Murder of Janet Chandler (1979)[edit]

In 1979, hotel clerk and Hope College senior Janet Chandler was found dead in a snowbank along Interstate 196 near Holland, Michigan. She had been raped. Initially treated as a robbery, the case remained unsolved until a group of Hope students, led by Hope professor David Schock, produced a documentary that uncovered a sex and drugs party atmosphere at the hotel, which had been occupied by dozens of Wackenhut security guards (assigned to protect the facilities of local manufacturer Chemtron during a bitter strike). The documentary prompted a reopening of the case, and arrests of six security guards and a hotel supervisor who was Chandler's roommate. In November 2007, two individuals pleaded guilty to charges, and the remaining four then-guards were additionally found guilty of her murder.[13]

Rumors about Wackenhut and the CIA[edit]

Frequent rumors that his company was in the employ of the Central Intelligence Agency, particularly in the 1960s, were never substantiated, but Wackenhut, who was obsessive about high-tech security gadgets in his private life, did not discourage the suggestion. In 1991, a U.S. House of Representatives committee investigated charges that a Wackenhut executive, working for a consortium of oil companies, illegally spied on a whistleblower, former independent oil executive Chuck Hamel, exposing environmental damage caused by the Exxon Valdez oil spill.[14]

Wackenhut and Miami-Dade[edit]

A dispute between Wackenhut and Miami-Dade Transit arose from allegations made by a former employee, who claimed that G4S Wackenhut over-billed Miami-Dade County for work not performed. As a result of the allegations of that lawsuit, the County ordered an audit of the contract in 2005. That audit was completed in 2009 and came up with an amount of estimated overbillings. In response, G4S Wackenhut filed a lawsuit in federal court alleging, among other things, that the audit’s findings were erroneous.[15]

In February 2010 the issue was resolved. Miami-Dade County commissioners approved a $7.5 million settlement agreement with Wackenhut Corp. to resolve the dispute. As part of the deal, Wackenhut can bid on future contracts and the county won’t use this case against it when considering Wackenhut’s bids.[16]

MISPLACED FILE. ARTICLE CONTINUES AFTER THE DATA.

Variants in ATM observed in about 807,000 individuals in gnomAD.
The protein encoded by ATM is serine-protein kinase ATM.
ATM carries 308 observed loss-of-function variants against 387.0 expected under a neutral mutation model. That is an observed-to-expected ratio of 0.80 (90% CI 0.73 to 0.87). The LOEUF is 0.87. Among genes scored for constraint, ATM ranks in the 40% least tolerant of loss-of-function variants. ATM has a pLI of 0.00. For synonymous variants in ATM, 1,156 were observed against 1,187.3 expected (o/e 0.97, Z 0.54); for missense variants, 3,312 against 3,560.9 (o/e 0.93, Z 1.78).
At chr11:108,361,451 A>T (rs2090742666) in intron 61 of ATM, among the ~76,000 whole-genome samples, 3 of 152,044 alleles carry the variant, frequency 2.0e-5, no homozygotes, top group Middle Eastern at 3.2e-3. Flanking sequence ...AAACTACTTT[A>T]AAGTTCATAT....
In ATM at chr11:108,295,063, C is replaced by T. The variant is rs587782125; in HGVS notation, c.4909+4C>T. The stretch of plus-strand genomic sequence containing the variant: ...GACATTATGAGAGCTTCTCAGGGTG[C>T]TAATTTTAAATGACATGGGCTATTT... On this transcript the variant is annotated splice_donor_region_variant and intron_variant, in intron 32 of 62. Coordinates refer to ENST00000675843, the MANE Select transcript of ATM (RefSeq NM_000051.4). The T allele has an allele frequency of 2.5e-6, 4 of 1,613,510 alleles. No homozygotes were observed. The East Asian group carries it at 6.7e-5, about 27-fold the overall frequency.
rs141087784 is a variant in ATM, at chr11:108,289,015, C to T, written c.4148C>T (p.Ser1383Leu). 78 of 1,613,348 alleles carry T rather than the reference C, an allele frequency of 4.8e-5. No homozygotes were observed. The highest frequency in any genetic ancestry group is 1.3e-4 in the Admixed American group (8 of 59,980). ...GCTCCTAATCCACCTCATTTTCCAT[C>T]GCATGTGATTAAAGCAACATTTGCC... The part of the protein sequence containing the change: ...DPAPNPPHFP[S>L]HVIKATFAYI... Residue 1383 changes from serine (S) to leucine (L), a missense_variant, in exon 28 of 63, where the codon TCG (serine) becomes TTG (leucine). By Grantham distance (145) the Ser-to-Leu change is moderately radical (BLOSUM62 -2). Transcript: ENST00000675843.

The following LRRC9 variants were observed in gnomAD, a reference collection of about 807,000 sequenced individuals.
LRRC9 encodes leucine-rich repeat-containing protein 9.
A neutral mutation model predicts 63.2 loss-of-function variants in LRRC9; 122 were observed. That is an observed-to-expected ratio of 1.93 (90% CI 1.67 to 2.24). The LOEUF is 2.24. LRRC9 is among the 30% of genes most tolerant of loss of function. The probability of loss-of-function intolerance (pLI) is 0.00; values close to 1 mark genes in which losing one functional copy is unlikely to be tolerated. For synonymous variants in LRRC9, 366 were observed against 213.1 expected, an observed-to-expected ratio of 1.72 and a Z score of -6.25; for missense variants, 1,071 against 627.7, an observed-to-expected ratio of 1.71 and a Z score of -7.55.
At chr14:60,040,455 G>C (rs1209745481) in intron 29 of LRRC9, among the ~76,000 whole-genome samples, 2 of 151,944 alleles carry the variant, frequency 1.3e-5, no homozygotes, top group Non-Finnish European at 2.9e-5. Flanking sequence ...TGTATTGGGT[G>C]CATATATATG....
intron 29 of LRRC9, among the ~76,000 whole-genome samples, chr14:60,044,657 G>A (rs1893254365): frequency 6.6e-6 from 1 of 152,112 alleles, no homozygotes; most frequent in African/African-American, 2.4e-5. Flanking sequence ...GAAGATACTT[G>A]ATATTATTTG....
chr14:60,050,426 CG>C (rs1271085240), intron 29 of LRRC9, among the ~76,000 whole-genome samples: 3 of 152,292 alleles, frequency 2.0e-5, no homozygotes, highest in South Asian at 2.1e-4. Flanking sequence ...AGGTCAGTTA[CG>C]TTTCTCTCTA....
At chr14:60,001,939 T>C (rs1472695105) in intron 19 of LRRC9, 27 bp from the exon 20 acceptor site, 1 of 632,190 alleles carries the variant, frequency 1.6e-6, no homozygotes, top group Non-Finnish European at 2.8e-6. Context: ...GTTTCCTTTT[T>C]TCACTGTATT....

Anti-Nuclear Protests[edit]

Fingers were pointed at Wackenhut when it was revealed that anti-nuclear protesters, including an 82-year old nun, had managed to cut through fences of one of the United States’ most protected nuclear facilities at Oak Ridge in Tennessee in July 2012.[17] Three activists broke into the US Government’s only weapons grade storage facility to paint graffiti and throw what they claimed was human blood on the walls.[17] The breach and lack of security at the site at the time was blamed upon the absence of key Wackenhut personnel in the previous few weeks; the plant manager and chief operating officer had retired 12 days prior to the incident.[18]

See also[edit]

References[edit]

  1. ^ "Danish Firm Agrees To Buy Wackenhut: $570m Deal Ends S. Florida Family's Control". Sun Sentinel. 2002-03-09. Retrieved 2010-04-20. 
  2. ^ a b Chunovic, Louis (2010-04-07). "G4S Wackenhut rebrands as G4S". Government Security News. Retrieved 2010-04-19. 
  3. ^ "G4S Wackenhut President Drew Levine Explains Rebrand and Company Strategy". Government Security News. 2010-01-18. Retrieved 2010-04-19. 
  4. ^ Contact Us." Wackenhut. Retrieved on July 6, 2010.
  5. ^ "Wackenhut planning new corporate headquarters in Jupiter". Palm Beach Post. 2009-10-15. Retrieved 2010-04-19. 
  6. ^ Fisk, Kiesling, Herbert Kiesling, and Thomas Muller (1978). Private Provision of Public Services: An Overview. Urban Institute. p. 34. 
  7. ^ "G4S wins £85m multinational security contract". The Financial Times. 2010-03-29. Retrieved 2010-04-19. 
  8. ^ "CBP Renews Southwest Border Transportation Contract". CBP.gov. 2007-10-04. Retrieved 2010-04-19. 
  9. ^ DOJ (1998-11-06). "RESPONSE OF THE UNITED STATES TO THE COURT'S ORDER OF NOVEMBER 6, 1998". Retrieved 2010-04-02. 
  10. ^ a b Greg Palast (1999-09-26). "Wackenhut's Free Market in Human Misery". Retrieved 2009-03-10. 
  11. ^ "Officially changes name to The GEO Group, Inc.". GEO Group. 2003-01-04. Retrieved 2010-04-19. 
  12. ^ Mufson, Steven (2008-01-04). "Video of Sleeping Guards Shakes Nuclear Industry". Washington Post. pp. A01. Retrieved 2008-12-19. 
  13. ^ 28 Years Later, Justice For Slain Student
  14. ^ House Interior and Insular Affairs Committee (November 4, 1991). "Wackenhut Oversight Hearings". Proposition 1. Retrieved 2010-12-18. 
  15. ^ "Wackenhut Stands up to Miami-Dade: Security firm denies ripping off the county and fires back with a $20 million lawsuit.". Miami New Times. 2010-05-07. Retrieved 2010-04-20. 
  16. ^ "Wackenhut, Miami-Dade settle legal battle". South Florida Business Journal. 2010-02-18. Retrieved 2010-04-20. 
  17. ^ a b Kate Brannen (13 September 2012). "Hill flummoxed over anti-nuke nun". Politico. 
  18. ^ Paul C. Barton (12 September 2012). "Rep. Blackburn says Y-12 incident shows lack of Energy Dept. accountability". The Tennessean. 

Further reading[edit]